Seatrade Maritime is part of the Informa Markets Division of Informa PLC

This site is operated by a business or businesses owned by Informa PLC and all copyright resides with them. Informa PLC's registered office is 5 Howick Place, London SW1P 1WG. Registered in England and Wales. Number 8860726.

Chinese yards newbuilding orders up 183% in first five months

Photo: Yangzijiang Shipbuilding Yangzijiang yard.jpg
A near doubling of newbuilding orders for Chinese shipbuilders in the first five months underscores the sharp upturn in fortunes seen for the sector this year.

China’s newbuilding order volume was 32.74m dwt for the first five months of this year, an increase of 182.6% year-on-year, according to the statistics released by China Association of the National Shipbuilding Industry (CANSI).

China’s shipbuilding output for the first five months was 16.86m dwt, an increase of 26.6%. As at the end of May, the orderbook on hand was 85m dwt, an increase of 6.4%.

Shipbuilding export volume was 16m dwt, an increase of 30.4% year-on-year, newly received export shipbuilding orders were 29.3m dwt, surged 174.9%. Export orders on hand were 75.82m dwt as the end of May, up 2.7%.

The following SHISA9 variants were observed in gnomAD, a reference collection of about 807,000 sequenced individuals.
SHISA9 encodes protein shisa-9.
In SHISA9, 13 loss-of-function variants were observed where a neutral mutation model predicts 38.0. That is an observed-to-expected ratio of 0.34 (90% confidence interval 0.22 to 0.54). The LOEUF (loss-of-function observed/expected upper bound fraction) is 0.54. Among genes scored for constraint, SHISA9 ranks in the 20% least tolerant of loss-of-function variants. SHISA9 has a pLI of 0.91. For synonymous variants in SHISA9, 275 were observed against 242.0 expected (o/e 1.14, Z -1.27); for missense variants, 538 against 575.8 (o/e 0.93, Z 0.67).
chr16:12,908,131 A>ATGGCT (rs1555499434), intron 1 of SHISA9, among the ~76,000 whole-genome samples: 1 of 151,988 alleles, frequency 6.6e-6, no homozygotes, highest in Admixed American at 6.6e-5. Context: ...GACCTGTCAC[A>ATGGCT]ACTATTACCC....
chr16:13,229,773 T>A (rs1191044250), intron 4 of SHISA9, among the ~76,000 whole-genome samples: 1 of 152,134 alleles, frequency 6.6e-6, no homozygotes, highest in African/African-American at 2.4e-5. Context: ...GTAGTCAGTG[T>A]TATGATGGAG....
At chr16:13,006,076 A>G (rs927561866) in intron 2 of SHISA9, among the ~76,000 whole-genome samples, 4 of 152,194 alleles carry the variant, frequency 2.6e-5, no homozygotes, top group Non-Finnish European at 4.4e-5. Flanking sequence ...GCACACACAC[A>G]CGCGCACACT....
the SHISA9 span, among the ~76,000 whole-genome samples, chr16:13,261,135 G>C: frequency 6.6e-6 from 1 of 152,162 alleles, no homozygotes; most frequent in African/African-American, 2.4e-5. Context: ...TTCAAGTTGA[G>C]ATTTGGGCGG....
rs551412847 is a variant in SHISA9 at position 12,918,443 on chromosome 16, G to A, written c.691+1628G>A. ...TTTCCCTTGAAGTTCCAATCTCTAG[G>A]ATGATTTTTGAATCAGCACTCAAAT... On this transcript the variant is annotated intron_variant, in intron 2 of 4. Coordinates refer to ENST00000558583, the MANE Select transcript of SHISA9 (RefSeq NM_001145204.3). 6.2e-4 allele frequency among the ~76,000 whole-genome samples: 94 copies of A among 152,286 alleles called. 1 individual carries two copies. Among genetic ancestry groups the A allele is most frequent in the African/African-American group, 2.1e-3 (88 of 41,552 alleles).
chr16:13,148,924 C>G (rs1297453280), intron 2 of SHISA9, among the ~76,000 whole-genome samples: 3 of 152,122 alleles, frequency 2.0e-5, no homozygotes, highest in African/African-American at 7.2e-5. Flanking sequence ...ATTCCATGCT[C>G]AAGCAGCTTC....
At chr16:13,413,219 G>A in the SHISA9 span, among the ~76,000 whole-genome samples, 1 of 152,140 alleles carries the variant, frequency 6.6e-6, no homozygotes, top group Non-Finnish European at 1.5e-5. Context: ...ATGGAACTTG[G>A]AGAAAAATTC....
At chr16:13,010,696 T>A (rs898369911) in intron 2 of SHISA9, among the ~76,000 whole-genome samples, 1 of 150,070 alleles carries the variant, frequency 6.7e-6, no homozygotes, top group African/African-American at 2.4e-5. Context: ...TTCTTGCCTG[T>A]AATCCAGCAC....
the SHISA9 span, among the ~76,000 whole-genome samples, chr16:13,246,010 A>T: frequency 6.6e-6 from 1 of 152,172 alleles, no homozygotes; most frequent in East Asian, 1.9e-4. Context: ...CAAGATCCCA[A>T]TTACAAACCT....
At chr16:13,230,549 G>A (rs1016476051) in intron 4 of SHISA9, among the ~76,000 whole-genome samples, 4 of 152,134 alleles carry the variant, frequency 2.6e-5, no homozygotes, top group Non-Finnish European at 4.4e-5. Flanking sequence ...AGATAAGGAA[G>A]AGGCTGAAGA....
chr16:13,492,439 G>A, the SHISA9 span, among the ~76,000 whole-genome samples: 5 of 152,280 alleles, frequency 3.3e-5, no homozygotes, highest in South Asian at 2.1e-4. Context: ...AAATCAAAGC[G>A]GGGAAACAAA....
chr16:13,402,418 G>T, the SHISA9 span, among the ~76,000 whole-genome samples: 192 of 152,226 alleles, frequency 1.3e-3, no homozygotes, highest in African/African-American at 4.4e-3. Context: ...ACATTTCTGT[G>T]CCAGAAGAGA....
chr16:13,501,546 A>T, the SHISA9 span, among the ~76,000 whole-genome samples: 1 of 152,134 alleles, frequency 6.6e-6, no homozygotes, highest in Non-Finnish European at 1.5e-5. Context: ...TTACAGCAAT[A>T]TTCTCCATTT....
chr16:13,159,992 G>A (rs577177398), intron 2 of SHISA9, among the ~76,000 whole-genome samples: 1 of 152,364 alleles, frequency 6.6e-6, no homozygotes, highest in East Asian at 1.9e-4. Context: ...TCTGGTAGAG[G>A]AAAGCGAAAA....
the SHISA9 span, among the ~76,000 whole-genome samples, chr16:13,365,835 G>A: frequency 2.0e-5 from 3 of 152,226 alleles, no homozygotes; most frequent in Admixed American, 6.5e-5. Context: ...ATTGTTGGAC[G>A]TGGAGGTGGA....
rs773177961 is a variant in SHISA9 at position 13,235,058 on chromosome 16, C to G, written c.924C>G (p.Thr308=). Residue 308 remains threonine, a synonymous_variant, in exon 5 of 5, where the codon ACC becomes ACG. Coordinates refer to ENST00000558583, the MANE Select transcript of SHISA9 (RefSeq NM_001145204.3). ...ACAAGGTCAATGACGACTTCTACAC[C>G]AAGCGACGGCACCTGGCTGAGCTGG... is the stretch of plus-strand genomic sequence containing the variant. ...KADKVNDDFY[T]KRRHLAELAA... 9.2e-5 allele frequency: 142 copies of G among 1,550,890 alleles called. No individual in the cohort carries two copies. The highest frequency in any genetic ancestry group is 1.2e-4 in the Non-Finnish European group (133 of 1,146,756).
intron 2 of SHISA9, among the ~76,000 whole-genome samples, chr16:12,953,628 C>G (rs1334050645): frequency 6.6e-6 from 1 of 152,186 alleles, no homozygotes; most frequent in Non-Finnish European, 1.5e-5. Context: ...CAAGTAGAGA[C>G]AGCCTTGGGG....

Shipbuilding export volume, new orders for export and export orders on hand accounted for 95.2%, 89.5% and 89.2% of national volume, respectively.

The 75 major Chinese shipyards posted a total revenue of CNY93.2bn ($14.4bn) during January-May, up13.7% year-on-year, while total profit was RMB230m ($35.5m), a drop of 17.9%.

As at end of May, China’s shipbuilding output, newly received orders and orders on hand accounted for 43.9%, 53.9% and 46.8%, respectively of the global shipbuilding market share.

Fifteen major Chinese ship repair yards completed a repair volume of 1,313 vessels for the first five months, an increase of 6.8% year on year. This is despite yards in Zhoushan having to turn away jobs over Covid restrictions.

Hide comments
account-default-image

Comments

  • Allowed HTML tags: <em> <strong> <blockquote> <br> <p>

Plain text

  • No HTML tags allowed.
  • Web page addresses and e-mail addresses turn into links automatically.
  • Lines and paragraphs break automatically.
Publish